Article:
The Florida panhandle seldom gets as cold as the Midwest or Northeast, but a 31-degree north wind on the edge of the Gulf of Mexico makes that irrelevant. It doesn't matter how many layers you wear, the wind and the humidity and the lack of tree cover on the beach will make you think that the thermometer is an optimist.
We were there in the pre-dawn dark to record the sunrise, so we stood still flexing our fingers and wiggling our toes to make the best of things in the pale light from a 3/4 moon with Venus a pinprick in that indescribably blue pre-dawn sky.
And then the horizon caught fire and the cold no longer mattered.
I was there with friend and fellow photographer John Spohrer, a Florida Master Naturalist. He'd heard birders speak of a "life bird," a species seldom seen in South Louisiana and Florida where I live and work, and he'd invited me over to attempt to find and photograph it.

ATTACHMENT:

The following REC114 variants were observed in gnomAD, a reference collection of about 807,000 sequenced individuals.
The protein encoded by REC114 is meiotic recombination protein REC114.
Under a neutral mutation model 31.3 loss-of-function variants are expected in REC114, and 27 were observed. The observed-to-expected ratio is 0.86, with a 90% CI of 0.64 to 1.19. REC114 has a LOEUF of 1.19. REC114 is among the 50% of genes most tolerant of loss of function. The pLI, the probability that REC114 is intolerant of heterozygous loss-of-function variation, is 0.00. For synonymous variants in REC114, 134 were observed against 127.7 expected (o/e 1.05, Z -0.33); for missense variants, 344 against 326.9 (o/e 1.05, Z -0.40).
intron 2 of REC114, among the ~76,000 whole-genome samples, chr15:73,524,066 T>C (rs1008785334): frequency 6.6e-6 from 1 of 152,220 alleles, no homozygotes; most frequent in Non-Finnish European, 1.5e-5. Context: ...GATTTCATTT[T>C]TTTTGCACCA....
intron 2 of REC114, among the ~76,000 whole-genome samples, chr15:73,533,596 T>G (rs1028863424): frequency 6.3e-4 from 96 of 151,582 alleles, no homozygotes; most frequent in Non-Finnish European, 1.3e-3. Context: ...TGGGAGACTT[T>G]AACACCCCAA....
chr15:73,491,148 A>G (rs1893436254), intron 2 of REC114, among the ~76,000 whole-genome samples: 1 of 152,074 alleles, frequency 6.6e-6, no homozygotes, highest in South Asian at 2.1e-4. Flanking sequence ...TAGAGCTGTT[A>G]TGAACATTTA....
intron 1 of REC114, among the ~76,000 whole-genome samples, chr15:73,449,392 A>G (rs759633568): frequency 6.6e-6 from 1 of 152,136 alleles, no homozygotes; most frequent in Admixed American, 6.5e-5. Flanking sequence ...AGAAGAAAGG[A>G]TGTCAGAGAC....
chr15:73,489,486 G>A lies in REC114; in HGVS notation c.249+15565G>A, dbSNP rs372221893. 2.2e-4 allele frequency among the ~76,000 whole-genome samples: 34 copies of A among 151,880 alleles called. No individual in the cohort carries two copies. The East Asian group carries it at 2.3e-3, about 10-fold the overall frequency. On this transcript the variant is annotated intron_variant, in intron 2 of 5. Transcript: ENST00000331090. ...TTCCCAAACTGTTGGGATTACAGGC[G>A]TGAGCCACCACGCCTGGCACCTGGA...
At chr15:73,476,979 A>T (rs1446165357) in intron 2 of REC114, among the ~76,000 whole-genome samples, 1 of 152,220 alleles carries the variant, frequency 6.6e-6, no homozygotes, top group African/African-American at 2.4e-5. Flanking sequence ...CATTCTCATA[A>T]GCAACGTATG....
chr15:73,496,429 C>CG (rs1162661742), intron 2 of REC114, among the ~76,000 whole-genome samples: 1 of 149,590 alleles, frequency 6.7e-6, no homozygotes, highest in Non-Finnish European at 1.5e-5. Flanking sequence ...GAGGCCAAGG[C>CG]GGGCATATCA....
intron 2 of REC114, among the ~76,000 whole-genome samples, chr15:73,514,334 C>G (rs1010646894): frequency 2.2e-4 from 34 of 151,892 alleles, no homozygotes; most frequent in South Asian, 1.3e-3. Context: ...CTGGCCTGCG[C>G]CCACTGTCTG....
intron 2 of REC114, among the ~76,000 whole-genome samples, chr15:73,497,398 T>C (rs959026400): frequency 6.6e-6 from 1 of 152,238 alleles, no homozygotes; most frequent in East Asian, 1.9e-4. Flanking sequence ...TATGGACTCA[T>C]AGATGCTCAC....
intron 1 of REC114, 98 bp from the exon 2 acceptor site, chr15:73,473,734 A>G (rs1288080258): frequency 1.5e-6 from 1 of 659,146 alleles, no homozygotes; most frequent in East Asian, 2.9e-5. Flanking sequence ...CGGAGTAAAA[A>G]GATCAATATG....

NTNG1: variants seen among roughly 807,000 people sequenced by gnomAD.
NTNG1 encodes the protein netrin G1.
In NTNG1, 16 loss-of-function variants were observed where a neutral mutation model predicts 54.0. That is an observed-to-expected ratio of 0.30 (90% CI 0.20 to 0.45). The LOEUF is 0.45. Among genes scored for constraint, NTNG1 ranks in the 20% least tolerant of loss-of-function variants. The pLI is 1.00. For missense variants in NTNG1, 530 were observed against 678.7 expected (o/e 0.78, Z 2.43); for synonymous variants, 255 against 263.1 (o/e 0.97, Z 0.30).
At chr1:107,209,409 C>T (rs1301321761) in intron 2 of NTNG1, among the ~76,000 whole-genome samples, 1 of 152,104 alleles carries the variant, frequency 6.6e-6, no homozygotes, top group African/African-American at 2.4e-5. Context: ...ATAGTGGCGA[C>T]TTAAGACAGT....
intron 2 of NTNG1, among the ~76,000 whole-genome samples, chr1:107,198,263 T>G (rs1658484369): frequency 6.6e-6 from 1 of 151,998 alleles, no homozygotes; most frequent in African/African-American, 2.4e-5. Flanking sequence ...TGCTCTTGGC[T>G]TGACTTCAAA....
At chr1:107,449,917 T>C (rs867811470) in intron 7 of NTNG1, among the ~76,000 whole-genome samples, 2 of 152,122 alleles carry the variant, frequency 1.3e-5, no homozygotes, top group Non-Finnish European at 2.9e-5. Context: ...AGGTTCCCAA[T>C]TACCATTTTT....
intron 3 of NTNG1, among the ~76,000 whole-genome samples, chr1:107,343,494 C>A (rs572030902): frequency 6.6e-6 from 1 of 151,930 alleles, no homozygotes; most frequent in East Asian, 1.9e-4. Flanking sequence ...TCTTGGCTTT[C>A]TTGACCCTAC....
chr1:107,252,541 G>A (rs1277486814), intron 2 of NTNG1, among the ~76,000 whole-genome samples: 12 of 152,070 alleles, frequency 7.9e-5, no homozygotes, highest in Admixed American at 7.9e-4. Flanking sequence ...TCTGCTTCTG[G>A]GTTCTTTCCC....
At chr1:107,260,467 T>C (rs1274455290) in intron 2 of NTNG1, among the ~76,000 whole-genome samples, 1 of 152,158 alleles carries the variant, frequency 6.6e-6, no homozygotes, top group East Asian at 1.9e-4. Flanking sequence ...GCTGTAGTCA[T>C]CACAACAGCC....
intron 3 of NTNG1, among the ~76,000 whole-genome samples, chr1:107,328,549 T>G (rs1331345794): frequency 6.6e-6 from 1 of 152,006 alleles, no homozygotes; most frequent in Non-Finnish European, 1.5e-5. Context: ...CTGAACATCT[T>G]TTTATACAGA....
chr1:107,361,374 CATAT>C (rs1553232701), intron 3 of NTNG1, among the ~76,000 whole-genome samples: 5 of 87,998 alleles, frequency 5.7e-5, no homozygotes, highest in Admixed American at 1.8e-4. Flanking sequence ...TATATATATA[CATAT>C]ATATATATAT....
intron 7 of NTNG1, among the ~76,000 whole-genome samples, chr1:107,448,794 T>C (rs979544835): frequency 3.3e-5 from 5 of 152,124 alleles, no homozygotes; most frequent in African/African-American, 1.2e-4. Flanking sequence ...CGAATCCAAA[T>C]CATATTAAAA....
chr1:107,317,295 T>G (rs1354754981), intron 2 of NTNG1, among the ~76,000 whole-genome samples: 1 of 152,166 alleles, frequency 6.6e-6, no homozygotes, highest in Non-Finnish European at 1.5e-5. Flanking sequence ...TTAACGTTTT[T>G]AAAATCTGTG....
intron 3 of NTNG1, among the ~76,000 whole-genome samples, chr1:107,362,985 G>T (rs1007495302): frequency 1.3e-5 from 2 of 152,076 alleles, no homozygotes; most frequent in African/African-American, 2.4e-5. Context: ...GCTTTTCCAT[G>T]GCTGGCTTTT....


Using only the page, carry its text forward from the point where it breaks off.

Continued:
The bird is a vermillion flycatcher, native to Central and South America and parts of the extreme Southwestern US. With its distinctive black mask and plumage so red it makes cardinals look faded, I figured it would be easy to find -- if it was still there.
As it turned out, spotting the bird was harder than I expected, and approaching it was even more difficult, but John's persistence over the course of two days and a large helping of luck finally put us near enough to make acceptable images.
The area's many tidal pools and pine forests are full of wildlife, even on cold winter days, so we found much more to see and photograph nearby. A flock of yellow-rump warblers was busy catching insects in the pines and wax myrtles, and a few paused briefly for photos.
And when the little blue decided to leave the muddy water and try his luck elsewhere, I was ready.